Issues Magazine

Alternatives to Animal Experimentation: An Australian Approach

By Sharyn Watson

Developing medical research methodologies that don’t involve experiments on animals reduces suffering for all species – human and non-human.

Graduates are increasingly concerned with the ethical dilemmas they face when using animals in their research projects. They are among an increasing number of medical scientists attempting to replace animals wherever possible, in line with the National Health and Medical Research Council Code of Practice.

The Medical Advances Without Animals Trust (MAWA) is taking a leading role in animal replacement in medical research in Australia. Its aim is to advance medical science and improve human health and therapeutic interventions without using animals or animal products for medical research, and is working with the scientific research community to achieve this goal.

MAWA’s approach is positive. Rather than focusing on and opposing practices, which the Trust does not support, MAWA concentrates on finding and implementing solutions, thus avoiding non-productive conflict with the research community. MAWA believes that to achieve real progress the Trust must engage with scientists and academics and together work for change. By maintaining this focus and building relationships with researchers, MAWA has been very successful in promoting its ideals, developing collaborations and partnerships, and identifying funding opportunities.

MAWA’s board includes senior scientists in medicine and other members with valuable expertise in a broad range of areas crucial to MAWA’s operations. The Trust’s scientific advisory panel includes researchers, academics and medical consultants with expertise across a range of disciplines, many of whom are considered to be world leaders.

MAWA operates as an independent medical research and educational trust fund, facilitating the development and use of alternative experimental methodologies. MAWA also encourages, through promotion and training, the wider adoption of such techniques.

Research

MAWA’s research focus is on fundamental medical research to improve understanding of human illnesses – their causes, progression, and the underlying features – to facilitate prevention, early diagnosis and effective treatment. It supports a broad range of disciplines within, for example, biological sciences, medical sciences, computer sciences and bioengineering.

MAWA has supported research into illnesses such as cancer, heart disease, diabetes, chronic pain, depression, infectious diseases, chronic fatigue syndrome, musculoskeletal diseases, HIV, hepatitis, obesity and Alzheimer’s disease. Other research includes treatment of premature babies, cataract treatment, molecular drug design and computational methods of designing and screening therapeutic agents.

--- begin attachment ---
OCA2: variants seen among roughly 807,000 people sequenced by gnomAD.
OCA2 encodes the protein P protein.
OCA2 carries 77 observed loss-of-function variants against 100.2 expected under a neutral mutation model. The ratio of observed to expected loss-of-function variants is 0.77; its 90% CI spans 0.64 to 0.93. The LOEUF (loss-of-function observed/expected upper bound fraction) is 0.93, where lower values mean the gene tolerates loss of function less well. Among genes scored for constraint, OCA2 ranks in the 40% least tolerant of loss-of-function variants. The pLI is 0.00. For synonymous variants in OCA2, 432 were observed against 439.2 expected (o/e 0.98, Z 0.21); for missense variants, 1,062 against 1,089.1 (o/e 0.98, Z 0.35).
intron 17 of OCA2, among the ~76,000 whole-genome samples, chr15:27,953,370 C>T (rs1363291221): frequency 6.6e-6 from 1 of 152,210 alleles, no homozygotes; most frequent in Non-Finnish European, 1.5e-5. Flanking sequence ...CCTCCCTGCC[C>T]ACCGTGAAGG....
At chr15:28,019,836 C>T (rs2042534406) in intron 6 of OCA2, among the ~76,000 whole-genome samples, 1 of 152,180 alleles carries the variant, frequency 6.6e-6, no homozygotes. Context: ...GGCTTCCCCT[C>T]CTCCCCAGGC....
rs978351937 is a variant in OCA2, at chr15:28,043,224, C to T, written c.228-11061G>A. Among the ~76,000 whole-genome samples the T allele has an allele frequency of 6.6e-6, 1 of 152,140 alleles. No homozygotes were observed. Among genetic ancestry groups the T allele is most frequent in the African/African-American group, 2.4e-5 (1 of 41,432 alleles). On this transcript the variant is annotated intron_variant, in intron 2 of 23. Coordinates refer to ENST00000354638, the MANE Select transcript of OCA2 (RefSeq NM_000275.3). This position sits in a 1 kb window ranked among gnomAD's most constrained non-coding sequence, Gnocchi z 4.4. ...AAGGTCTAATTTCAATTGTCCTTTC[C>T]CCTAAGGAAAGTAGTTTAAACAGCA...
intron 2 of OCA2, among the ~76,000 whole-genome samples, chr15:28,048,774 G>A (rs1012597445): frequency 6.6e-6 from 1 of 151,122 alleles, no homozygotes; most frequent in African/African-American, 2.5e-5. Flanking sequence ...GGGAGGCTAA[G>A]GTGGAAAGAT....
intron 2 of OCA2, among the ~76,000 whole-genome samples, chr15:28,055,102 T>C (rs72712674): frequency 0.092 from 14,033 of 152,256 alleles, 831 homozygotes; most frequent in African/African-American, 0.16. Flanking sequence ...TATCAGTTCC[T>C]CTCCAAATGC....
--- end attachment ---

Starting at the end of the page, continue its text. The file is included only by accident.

MAWA has also supported the development of a non-animal drug screening methodology, a human model of nerve compression, an animal blood-free medium for culture-based diagnosis of human diseases, and a non-animal method of studying the function of specific genes.

Scholarship and Sponsorship

MAWA funding is provided through the award of research, development and equipment grants, doctoral, Masters, Honours, bridging and supplementary scholarships, travel bursaries and distinguished scholar tours. The Trust also provides sponsorship assistance for significant symposiums, seminars and conferences, financial assistance for open access of pertinent scientific journal articles, and funding for individuals to attend domestic and international conferences and training courses.

MAWA has supported a number of young science research scholars in universities throughout Australia with its scholarships program. It also funds a range of replacement research projects utilising alternatives in universities and research institutions throughout Australia. The MAWA Trust relies on private donations to fund its initiatives.

Scholars and researchers funded by MAWA have utilised a number of alternative methodologies to replace animal experiments including human cell and tissue cultures, human gene studies, analytical technology, microorganisms, computer modelling, population studies and ethical clinical research with volunteer patients and healthy subjects.

By funding replacement research and by supporting the training of scientists in alternative techniques, MAWA expects to reduce the entrenched reliance on the use of animals.